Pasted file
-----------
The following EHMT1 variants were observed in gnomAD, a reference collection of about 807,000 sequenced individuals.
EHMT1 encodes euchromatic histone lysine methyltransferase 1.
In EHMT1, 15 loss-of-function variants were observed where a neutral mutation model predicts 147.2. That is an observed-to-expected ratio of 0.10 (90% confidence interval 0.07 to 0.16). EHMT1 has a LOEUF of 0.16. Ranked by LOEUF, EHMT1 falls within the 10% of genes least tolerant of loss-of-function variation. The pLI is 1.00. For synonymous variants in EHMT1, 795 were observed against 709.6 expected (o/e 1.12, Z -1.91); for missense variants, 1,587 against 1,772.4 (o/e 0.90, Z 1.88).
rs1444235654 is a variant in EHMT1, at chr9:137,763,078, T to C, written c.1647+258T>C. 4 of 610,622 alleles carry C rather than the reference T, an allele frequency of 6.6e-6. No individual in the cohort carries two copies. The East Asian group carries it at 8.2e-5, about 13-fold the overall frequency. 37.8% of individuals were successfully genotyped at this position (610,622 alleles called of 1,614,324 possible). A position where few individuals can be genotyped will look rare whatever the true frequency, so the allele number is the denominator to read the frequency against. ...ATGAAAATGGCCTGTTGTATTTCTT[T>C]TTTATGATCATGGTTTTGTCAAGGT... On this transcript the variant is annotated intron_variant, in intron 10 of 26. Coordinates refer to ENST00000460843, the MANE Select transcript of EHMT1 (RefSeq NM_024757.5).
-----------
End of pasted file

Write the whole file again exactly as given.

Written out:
The following EHMT1 variants were observed in gnomAD, a reference collection of about 807,000 sequenced individuals.
EHMT1 encodes euchromatic histone lysine methyltransferase 1.
In EHMT1, 15 loss-of-function variants were observed where a neutral mutation model predicts 147.2. That is an observed-to-expected ratio of 0.10 (90% confidence interval 0.07 to 0.16). EHMT1 has a LOEUF of 0.16. Ranked by LOEUF, EHMT1 falls within the 10% of genes least tolerant of loss-of-function variation. The pLI is 1.00. For synonymous variants in EHMT1, 795 were observed against 709.6 expected (o/e 1.12, Z -1.91); for missense variants, 1,587 against 1,772.4 (o/e 0.90, Z 1.88).
rs1444235654 is a variant in EHMT1, at chr9:137,763,078, T to C, written c.1647+258T>C. 4 of 610,622 alleles carry C rather than the reference T, an allele frequency of 6.6e-6. No individual in the cohort carries two copies. The East Asian group carries it at 8.2e-5, about 13-fold the overall frequency. 37.8% of individuals were successfully genotyped at this position (610,622 alleles called of 1,614,324 possible). A position where few individuals can be genotyped will look rare whatever the true frequency, so the allele number is the denominator to read the frequency against. ...ATGAAAATGGCCTGTTGTATTTCTT[T>C]TTTATGATCATGGTTTTGTCAAGGT... On this transcript the variant is annotated intron_variant, in intron 10 of 26. Coordinates refer to ENST00000460843, the MANE Select transcript of EHMT1 (RefSeq NM_024757.5).